I was tired of wearing a suit and tie and being told what the big company wanted to push on us. It was time for a drastic change. I felt like I needed to take a bigger leap and start my own thing, but I had no idea how to start a business.

I packed up my stuff and walked out with my assistant on a Monday morning. It felt like a major risk as a married 32-year-old with a big mortgage and a growing family. I didn't know how I would make it — I was just determined that I eventually would. My wife was also very nervous, but she believed in me.

I was under a lot of pressure when I started my business

I signed a lease on an office, hired a few employees, and had many expenses with zero revenue. I used my savings, borrowed against my house, and opened up a business credit card — I scrambled to figure it all out.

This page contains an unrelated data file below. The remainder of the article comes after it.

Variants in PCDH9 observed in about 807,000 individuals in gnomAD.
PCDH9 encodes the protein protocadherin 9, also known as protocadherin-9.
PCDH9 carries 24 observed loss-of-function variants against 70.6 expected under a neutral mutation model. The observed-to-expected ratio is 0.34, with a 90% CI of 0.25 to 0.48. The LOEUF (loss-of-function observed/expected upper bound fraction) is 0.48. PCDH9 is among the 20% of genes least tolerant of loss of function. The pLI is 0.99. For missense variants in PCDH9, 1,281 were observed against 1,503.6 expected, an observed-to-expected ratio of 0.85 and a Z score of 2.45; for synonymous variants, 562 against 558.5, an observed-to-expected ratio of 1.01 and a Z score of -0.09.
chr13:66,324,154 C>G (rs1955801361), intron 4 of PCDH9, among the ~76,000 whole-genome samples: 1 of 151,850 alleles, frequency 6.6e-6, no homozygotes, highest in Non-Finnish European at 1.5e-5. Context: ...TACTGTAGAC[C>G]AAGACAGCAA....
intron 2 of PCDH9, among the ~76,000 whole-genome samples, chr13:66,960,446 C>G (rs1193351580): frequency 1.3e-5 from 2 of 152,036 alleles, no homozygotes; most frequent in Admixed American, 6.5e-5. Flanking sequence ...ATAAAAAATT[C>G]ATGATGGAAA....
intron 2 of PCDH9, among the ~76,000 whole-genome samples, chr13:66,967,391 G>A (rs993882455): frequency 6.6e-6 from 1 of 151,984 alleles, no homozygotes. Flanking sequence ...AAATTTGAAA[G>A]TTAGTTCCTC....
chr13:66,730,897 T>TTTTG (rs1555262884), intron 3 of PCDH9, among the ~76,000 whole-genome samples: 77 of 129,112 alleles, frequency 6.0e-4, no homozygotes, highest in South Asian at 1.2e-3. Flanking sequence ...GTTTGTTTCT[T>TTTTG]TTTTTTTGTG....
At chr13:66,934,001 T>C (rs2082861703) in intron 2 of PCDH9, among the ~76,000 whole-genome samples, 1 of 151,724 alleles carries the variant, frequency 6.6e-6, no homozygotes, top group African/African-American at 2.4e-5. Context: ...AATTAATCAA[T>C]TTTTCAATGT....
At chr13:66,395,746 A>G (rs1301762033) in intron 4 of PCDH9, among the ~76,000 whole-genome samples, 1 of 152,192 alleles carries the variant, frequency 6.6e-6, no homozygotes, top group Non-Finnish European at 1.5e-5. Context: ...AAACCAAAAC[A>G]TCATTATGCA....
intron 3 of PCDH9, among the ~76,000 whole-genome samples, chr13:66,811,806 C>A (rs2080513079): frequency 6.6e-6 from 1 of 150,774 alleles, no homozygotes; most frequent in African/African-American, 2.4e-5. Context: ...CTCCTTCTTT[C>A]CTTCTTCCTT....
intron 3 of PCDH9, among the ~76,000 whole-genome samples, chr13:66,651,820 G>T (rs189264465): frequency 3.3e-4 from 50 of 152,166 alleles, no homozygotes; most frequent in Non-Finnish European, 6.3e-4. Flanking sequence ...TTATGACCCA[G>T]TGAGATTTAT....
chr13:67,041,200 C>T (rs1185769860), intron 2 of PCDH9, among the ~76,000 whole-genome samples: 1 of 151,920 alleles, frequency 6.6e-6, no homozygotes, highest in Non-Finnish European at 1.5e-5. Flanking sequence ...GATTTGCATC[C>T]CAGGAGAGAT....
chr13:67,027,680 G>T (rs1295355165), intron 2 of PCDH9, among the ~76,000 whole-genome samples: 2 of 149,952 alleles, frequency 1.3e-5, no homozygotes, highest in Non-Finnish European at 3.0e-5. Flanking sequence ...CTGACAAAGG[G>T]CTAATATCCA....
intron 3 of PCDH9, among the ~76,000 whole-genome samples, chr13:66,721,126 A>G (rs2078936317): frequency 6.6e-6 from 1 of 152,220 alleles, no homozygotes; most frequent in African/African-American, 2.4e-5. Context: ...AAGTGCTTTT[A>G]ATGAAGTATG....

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I spent all my time contacting potential clients via phone calls, emails, and postcards, walking business to business, and posting on social media — just like I had done in 2003 when I started as a rookie at Merrill Lynch.

The big advantage I found of being on this side of the industry was I could completely design the services around my ideal clients rather than trying to find clients to fit into the box of what a big corporation wanted. I started by targeting entrepreneurs with at least $1 million to invest.